Down on the Farm

The weather’s been creating havoc in the baseball world, and it’s not just the major leagues that are being put in a bind (although my fantasy team is looking forward to all those Grady Sizemore doubleheaders). Because minor league teams do not have the resources to deal with Mother Nature, games are called much sooner and much more often than they are in The Show. Here’s a quick wrap up of how the weather has affected each Yankee affiliate so far this year (includes tonight’s games):

Triple-A Scranton: 4 total games called off, none made up, haven’t played since Saturday
Double-A Trenton: 5 total games called off, none made up, also haven’t played since Saturday
High-A Tampa: 1 game rained out, and it’s already been made up
Low-A Charleston: no cancellations…yet

On to tonight’s action:

Triple-A Scranton snowed out. No word on a makeup date.

Double-A Trenton‘s doubleheader was rained out. They’ll try to make up one game as part of a doubleheader tomorrow, no word on the makeup of the second game. If they play tomorrow, it’ll be their first action since Saturday.

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Yankees 10, Indians 3

Player WPA pLI Pitcher WPA pLI
Alex .151 Bruney .032 0.33
Minky .092 Wright .021 0.87
Damon .073 Myers .012 0.10
Giambi .068 Britton .001 0.02
Jeter .063
Posada .029
Abreu .026
Nieves .000
Melky -.024
Cano -.043

* pLI not available at the time of posting. Work to do tomorrow morning, so I wanted to get this done tonight. I’ll fill it in tomorrow.

Not bad, Chase Wright. Not bad at all. Tonight ended up being an ideal scenario, with the offense striking early and allowing Wright to just throw strikes and let what happens happen. In a close game, who knows what happens. But he was handed ideal circumstances last night, and he took advantage.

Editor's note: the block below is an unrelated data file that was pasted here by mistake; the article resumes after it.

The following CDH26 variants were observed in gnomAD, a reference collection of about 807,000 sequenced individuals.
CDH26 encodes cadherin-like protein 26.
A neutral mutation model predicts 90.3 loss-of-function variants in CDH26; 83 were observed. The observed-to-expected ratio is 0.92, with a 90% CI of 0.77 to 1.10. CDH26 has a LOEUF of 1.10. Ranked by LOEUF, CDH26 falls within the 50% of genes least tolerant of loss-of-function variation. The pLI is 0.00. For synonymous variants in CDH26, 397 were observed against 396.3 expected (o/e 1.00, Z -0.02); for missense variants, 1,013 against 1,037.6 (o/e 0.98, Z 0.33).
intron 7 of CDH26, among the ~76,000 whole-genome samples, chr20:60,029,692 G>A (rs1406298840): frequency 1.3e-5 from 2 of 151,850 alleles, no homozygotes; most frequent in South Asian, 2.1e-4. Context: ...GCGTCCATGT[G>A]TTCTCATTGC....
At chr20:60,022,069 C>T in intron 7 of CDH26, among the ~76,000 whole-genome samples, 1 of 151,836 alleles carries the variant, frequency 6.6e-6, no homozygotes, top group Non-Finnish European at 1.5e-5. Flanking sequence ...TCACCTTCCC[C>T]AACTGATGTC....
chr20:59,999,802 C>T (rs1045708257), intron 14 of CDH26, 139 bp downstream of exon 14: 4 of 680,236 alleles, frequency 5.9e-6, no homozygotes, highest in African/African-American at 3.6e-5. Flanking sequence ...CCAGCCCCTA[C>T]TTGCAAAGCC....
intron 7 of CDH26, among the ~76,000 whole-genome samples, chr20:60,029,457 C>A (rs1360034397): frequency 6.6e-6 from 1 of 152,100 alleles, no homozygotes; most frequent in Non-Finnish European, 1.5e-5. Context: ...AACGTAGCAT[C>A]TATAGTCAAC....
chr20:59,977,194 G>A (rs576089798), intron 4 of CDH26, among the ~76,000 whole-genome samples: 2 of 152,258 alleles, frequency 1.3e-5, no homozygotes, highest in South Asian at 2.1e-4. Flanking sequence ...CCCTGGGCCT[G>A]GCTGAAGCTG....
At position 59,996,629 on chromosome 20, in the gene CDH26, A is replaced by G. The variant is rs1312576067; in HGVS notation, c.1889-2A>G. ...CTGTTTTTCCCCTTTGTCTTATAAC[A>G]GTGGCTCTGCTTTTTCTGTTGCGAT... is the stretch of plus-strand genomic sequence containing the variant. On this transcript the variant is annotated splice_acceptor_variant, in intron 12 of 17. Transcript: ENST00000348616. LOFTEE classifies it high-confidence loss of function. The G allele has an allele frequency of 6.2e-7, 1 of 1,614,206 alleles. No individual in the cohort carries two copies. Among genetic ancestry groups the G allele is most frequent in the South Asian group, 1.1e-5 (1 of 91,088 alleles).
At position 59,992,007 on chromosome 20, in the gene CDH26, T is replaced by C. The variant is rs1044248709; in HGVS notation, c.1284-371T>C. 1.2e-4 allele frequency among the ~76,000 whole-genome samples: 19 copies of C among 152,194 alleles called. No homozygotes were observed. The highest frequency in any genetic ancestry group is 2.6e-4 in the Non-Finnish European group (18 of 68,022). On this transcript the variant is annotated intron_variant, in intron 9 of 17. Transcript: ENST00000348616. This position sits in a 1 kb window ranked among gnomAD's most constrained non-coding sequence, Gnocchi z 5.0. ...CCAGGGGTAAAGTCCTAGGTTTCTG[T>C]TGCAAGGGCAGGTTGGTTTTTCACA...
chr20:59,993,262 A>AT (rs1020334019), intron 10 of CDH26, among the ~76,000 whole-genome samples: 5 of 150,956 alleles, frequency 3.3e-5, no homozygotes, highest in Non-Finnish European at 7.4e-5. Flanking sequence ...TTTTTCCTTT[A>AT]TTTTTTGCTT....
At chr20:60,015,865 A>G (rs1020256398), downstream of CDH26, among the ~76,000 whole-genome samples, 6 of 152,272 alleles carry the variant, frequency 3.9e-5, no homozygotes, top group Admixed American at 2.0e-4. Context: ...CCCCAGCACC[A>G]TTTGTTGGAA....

Things didn’t look so hit at the beginning, though. After walking both Grady Sizemore and Jason Michaels to open the game, Gator was forced to make his first of what was hopefully not many mound visits. This situation was extra scary, because Travis Hafner was the next man up. He should have been MVP last year, despite his September injury. He’s just a scary, scary man up there, especially with two men on base. And especially when he’s up in the count 2-1. But Wright fooled him with a change, and then induced a grounder that advanced the runners.

Victor Martinez, who would be better off taking a Rascal scooter to first base, hit a run-scoring grounder to Jeter, leaving a runner on third for Ryan Garko, who even Chase Wright could retire. One inning, one run. Not so bad, Chase.

After Damon, Jeter, Alex, Giambi, and Jorge lent him a little hand, Chase went back out for the second. And again, the first two runners reached base, this time via a Casey Blake single and a Jhonny Peralta walk. Three fly balls later, and we’re in the bottom of the frame.

This is where the offense said, “Chase, you’re looking shaky out there. How about we knock this Westbrook character around for a while so you can calm down and finish an inning without letting the first two guys reach base.” We know this was a preconceived plan by the offense, because Doug “Guys hit balls out of the infield?” Mientkiewicz got it started with a tater to right. After an Abreu RBI single, Alex willed himself another home run. Two batters later, Jorge smacked one out, giving Wright an 8-1 lead. Apparently, Melky isn’t one of the cool kids; he made the first and last outs of the inning.

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Rumblings and grumblings surround Wang, Dice-K